• Anne McClanan
Part of the The New Middle Ages book series (TNMA)


The emperor and empress stood at the apex of the Byzantine state. Even when their very persons were unrecognizable to the functionaries who circled the periphery of the court, the imperial image was replicated endlessly throughout the Empire in their stead. Although Liutprand’s anecdote concerns an emperor, we will see that the same conundrums apply to empresses when we look earlier in Byzantine history at the imperial women of the late fifth and sixth centuries. At once accessible and remote, their representations circulated everywhere at the same time that the individuals receded into the infinity of the concept of divine rule. To their medieval audience, the multiple meanings of imperial images rested on a foundation of visual, political, and cultural traditions that buttressed the institutions of authority. The early Byzantine period presents the chance to study the nascent form of these practices as we see the transition from Roman imperial norms to new paradigms. The role and representation of imperial women demonstrates how those traditions diverged and coincided on the basis of gender.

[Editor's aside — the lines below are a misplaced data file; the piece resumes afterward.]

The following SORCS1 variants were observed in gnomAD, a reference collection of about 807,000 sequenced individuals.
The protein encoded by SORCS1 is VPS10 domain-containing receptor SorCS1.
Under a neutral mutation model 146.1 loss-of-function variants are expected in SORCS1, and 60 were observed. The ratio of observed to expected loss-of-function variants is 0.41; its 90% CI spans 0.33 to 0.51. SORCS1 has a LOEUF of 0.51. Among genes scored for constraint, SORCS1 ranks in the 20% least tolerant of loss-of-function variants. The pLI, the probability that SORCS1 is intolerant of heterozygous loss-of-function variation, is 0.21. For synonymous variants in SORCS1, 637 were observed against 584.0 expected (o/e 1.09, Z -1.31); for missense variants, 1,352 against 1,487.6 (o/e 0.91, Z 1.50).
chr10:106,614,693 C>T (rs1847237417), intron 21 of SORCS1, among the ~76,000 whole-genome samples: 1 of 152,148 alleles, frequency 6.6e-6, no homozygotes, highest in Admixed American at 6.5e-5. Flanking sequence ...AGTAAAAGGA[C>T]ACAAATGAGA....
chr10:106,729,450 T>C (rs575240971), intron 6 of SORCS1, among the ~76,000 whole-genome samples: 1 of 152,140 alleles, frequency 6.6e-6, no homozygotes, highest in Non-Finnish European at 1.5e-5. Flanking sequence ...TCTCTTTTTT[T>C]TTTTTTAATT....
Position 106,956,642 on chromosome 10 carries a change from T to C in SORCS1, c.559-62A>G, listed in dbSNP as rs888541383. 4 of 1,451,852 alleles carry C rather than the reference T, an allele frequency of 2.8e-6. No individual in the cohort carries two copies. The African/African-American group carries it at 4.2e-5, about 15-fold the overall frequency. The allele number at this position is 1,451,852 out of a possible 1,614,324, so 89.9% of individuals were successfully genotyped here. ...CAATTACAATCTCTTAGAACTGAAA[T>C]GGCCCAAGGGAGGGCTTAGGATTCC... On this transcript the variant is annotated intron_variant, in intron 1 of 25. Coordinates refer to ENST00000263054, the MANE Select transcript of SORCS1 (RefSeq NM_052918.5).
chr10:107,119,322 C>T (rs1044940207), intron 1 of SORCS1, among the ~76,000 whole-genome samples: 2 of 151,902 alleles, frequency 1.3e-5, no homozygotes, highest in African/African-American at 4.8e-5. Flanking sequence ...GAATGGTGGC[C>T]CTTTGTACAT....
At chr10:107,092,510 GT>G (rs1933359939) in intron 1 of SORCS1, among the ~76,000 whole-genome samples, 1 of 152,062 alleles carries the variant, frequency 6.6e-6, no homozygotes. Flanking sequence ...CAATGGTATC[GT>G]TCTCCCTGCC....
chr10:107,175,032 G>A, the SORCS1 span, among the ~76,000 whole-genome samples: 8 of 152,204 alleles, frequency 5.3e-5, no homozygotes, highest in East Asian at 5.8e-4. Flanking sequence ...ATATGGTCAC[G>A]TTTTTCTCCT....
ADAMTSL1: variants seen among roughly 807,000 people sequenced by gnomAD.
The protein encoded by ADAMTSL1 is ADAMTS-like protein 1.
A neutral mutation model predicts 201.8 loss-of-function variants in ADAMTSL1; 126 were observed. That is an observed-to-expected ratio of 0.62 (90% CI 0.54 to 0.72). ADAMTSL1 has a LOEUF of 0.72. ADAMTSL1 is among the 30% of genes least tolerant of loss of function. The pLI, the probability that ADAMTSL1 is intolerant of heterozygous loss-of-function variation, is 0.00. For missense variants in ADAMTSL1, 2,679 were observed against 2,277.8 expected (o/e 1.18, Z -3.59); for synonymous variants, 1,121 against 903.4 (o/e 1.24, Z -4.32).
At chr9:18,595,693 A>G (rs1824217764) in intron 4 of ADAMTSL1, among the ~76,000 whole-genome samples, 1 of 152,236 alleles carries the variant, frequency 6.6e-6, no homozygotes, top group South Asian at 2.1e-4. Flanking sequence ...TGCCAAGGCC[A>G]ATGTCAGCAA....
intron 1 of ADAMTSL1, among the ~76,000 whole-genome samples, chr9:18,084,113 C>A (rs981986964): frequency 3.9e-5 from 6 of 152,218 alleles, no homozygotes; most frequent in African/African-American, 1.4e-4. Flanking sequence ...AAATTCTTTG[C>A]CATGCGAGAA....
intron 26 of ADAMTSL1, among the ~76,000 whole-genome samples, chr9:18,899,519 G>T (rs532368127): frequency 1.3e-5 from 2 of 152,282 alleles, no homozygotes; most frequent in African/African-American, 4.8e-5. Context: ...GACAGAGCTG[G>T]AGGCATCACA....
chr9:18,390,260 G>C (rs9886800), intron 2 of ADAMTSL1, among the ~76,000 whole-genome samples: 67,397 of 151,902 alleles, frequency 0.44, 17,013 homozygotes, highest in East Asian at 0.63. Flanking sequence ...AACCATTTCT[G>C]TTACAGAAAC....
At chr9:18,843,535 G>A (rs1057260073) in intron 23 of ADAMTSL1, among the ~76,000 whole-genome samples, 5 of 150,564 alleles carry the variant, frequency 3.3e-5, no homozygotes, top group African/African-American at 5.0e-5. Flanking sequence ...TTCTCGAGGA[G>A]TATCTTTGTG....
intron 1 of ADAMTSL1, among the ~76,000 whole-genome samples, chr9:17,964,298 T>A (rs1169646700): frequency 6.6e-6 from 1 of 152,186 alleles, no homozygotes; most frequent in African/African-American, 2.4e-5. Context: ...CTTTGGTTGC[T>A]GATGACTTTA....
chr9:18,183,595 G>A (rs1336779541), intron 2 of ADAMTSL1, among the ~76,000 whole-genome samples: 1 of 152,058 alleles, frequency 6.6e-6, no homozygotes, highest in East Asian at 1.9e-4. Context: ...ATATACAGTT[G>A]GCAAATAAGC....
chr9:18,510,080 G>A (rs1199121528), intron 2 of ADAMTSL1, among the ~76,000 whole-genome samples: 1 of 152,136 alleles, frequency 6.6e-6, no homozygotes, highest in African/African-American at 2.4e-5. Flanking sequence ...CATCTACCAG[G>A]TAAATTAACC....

Textual Source Sixth Century Visual Culture Female Court Byzantine Period 
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© Anne McClanan 2002

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